mistakes as to “motive.2 In cases of misunderst anding, the parties
have failed to reach an adequate conse nsus ad idem.3 The partie s may,
for example, have different ideas about what the terms of the contract
mean. There is, one might say, no genuine or true agreement between
the parties. In a mistaken assumptions ca se, on the other hand, the
parties have reached a n adequate consensus ad idem.4 They share an
understanding of what the contract me ans but either one or both of the
parties may h ave entered into the agreement on the basis of a factual
assumption that proves to be fal se. A mistaken assumption relates to
the reasons for entering into t he agreement rather than one’s awareness
of the actual terms of t he agreement. Whether the mistake is a mi sun-
derstanding wit h respect to the terms of the agreement or a mistaken
assumption relating to the motives or reasons for entering the agree-
ment, the effect of the mistake m ay be to make the transact ion sur-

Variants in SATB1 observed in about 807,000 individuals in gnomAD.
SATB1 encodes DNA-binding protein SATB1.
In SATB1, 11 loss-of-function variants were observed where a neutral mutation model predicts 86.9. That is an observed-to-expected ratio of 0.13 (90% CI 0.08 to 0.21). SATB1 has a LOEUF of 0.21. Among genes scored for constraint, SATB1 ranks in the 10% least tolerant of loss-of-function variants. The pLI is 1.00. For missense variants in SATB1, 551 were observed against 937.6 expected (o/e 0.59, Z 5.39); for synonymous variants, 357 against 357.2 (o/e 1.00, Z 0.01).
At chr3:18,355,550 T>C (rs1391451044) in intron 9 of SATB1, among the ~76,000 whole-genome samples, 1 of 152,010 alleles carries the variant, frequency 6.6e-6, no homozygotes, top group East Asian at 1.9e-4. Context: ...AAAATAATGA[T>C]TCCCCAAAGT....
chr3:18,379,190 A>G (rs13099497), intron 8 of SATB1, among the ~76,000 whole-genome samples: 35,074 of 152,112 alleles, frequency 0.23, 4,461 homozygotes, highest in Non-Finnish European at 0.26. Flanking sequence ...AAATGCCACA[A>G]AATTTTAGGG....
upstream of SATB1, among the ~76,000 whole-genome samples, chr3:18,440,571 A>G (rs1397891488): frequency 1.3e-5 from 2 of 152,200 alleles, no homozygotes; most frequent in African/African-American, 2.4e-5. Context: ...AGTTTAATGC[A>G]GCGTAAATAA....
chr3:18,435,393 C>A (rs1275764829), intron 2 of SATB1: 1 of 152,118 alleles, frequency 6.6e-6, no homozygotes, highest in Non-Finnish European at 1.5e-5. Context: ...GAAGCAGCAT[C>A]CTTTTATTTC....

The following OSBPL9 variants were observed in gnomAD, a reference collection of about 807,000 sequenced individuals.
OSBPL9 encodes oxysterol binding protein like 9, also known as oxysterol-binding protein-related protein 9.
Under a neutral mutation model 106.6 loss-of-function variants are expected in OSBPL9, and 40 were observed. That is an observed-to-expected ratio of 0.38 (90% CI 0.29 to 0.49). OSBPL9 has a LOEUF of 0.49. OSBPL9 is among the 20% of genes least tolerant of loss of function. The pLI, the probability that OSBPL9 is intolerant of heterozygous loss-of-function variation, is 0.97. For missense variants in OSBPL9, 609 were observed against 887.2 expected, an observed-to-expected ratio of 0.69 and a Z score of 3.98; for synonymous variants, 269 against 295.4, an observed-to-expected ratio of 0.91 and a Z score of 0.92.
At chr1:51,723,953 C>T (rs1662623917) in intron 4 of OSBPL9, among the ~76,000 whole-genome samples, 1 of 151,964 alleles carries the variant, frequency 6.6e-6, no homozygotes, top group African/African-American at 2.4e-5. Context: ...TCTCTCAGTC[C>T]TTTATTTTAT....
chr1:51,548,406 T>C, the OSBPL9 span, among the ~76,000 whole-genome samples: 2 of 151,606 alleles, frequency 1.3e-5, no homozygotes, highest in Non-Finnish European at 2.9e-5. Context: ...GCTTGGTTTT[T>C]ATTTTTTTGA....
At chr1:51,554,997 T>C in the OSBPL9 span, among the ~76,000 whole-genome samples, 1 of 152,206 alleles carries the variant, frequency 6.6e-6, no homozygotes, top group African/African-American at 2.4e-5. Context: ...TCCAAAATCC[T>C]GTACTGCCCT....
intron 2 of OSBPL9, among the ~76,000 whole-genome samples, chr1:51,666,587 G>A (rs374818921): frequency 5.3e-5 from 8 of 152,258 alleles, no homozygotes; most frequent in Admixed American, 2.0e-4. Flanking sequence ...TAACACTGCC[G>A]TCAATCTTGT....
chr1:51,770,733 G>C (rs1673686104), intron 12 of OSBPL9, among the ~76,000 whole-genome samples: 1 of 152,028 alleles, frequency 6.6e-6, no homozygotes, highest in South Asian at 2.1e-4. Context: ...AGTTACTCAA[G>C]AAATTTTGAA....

prisingly unattractive for one of the parties, once the truth is revealed.
The party who has been disadvantaged by the mistake w ill wish to be
excused from the agreement. As we shall see, a variety of doctrine s
developed, both at common law and in equity, that may achieve this
result in an appropriate case. We will also see that there is some as yet
unresolved tension in the interact ion between doctrines of common
law and equity in some aspect s of the law of mistake.
A third ty pe of mistake, here referred to as a “mist ake in integra-
tion,” occurs when the agreement as negotiated by the partie s is incor-
rectly recorded in what is intended by the par ties to be an accurate
written record of the agreement. Thus, in a contract for the purcha se
and sale of land, the descr iption of the land in the written agreement